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Category: Cancer Detection and Tumor Markers
There are a number of medical conditions that can be detected by a simple blood test, but as researchers become aware of new markers and signals associated with certain illnesses, lab results grow more instrumental in diagnosing more complex illnesses. Certain fluctuations in various blood levels and protein concentrations can indicate to clinicians that a syndrome is likely to exist, leading to more thorough medical tests based on these basic blood testing samples.
Researchers at Stanford University School of Medicine have identified a series of protein readings in basic blood tests that have been tied to the presence of lymphedema in patients, a condition that occurs when lymphatic tissues are no longer draining fluids correctly. This illness can cause serious infections and other complications, and since it is most often present in cancer patients, the repercussions of fluid buildup could be significant.
The study looked at about 30 patients, both unaffected and those already diagnosed with lymphedema, to isolate common factors in their blood tests. While researchers found that healthy and cancerous tissues showed concerning genetic markers, the concentration of specific proteins was higher among diseased samples than healthier samples. The final panels showed that six proteins were present in high volumes to definitively indicate the presence of blockage and infection, but several of them together could still be a sign that more intensive testing is necessary.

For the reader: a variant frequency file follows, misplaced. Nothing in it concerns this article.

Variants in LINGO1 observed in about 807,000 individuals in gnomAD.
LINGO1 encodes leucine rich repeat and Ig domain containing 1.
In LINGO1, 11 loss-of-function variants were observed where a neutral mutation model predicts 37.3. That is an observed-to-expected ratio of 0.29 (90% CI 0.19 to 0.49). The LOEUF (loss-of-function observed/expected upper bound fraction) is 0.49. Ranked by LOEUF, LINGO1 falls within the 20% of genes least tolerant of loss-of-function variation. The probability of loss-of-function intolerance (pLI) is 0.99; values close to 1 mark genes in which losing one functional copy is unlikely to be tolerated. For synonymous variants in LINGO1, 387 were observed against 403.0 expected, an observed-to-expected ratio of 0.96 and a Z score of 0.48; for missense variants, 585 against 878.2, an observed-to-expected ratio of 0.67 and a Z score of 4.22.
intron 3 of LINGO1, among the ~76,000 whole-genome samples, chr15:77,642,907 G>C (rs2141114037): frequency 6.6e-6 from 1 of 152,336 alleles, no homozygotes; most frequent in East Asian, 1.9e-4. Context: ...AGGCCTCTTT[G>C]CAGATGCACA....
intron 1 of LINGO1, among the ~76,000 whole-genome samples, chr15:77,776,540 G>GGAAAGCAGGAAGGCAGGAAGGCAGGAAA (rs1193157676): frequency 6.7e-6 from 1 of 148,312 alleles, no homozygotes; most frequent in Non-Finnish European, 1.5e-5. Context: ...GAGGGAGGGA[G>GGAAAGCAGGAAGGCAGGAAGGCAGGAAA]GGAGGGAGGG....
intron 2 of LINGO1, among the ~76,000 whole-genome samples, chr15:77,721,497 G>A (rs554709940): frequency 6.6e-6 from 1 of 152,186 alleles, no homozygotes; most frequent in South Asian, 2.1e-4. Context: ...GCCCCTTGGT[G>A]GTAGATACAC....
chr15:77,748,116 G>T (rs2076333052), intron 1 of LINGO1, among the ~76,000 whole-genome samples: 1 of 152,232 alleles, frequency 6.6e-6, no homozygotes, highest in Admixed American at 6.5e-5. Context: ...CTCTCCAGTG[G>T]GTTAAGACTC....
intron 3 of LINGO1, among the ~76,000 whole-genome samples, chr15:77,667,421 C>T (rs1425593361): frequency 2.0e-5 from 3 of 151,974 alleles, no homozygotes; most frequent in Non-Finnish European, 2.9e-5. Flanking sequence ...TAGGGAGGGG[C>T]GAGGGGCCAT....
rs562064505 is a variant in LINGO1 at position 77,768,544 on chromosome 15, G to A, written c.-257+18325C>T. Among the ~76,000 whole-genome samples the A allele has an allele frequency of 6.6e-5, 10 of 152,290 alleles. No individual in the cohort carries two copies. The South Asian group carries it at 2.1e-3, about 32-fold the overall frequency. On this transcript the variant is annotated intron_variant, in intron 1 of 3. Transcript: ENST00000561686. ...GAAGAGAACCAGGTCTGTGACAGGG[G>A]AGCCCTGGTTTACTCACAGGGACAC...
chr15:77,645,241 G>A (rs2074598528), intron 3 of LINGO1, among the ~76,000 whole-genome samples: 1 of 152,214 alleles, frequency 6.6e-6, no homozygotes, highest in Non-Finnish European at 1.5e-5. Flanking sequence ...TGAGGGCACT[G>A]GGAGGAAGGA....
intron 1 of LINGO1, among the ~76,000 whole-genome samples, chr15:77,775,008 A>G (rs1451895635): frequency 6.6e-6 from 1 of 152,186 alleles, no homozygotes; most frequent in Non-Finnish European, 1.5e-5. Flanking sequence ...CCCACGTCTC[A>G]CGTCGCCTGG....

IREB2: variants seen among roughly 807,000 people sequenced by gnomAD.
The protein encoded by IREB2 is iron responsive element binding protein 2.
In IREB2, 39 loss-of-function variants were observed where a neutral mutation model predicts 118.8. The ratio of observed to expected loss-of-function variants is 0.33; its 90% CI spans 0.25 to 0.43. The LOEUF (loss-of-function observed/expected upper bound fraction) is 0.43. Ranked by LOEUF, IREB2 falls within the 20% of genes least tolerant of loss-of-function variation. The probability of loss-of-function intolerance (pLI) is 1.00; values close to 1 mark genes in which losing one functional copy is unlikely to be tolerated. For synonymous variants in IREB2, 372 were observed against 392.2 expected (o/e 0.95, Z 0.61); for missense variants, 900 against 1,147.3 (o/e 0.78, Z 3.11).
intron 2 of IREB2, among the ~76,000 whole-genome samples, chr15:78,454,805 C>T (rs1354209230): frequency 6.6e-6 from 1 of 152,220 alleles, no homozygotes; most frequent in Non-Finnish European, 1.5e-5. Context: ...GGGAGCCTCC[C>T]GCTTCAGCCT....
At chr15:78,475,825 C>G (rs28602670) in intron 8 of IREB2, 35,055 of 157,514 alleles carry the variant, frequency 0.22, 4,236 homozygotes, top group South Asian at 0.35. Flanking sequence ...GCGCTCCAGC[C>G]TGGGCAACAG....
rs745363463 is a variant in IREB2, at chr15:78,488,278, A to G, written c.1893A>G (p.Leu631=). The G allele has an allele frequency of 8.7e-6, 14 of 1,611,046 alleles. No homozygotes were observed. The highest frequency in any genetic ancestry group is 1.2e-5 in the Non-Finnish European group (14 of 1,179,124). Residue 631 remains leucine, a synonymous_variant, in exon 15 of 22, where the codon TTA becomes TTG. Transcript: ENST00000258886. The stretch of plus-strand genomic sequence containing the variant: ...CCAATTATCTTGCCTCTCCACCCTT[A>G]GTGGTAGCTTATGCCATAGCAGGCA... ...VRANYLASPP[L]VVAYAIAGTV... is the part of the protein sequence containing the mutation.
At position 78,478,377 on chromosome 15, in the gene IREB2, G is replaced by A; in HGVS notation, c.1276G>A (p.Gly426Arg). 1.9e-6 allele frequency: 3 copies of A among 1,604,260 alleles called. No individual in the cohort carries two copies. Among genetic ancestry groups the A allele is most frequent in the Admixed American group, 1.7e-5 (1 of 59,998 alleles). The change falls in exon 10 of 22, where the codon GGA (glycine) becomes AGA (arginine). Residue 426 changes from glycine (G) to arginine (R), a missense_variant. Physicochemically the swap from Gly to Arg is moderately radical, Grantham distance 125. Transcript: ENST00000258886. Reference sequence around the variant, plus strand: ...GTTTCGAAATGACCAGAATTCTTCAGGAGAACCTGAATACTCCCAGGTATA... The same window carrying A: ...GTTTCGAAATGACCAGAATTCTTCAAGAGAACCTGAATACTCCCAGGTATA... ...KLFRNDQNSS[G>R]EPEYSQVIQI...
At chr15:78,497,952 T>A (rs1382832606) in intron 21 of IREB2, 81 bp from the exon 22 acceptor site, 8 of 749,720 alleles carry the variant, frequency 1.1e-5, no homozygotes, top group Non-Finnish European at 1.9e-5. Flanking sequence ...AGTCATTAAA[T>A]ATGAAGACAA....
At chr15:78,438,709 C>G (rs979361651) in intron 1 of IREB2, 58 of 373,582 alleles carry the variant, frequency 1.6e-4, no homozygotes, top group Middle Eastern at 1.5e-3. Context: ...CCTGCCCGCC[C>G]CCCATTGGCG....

Preventative care measures
The Mayo Clinic wrote that there is presently no treatment for lymphedema, meaning that accurate and timely diagnosis of this illness is essential for promoting longevity. There are a number of treatments available to help patients control symptoms and reduce the overall impact of the condition, so being able to isolate the disease with only a basic blood test could result in better turnaround time between initial testing and beginning medicinal care.
The National Cancer Institute wrote that it's important for clinicians to begin continuous care plans and monitoring post-surgical patients in order to stay ahead of these kinds of illnesses. The incidence of lymphedema in cancer survivors can occur anywhere from 30 days to three years after a surgical event, so regular blood tests during this period might be advisable for individuals in this risk group.
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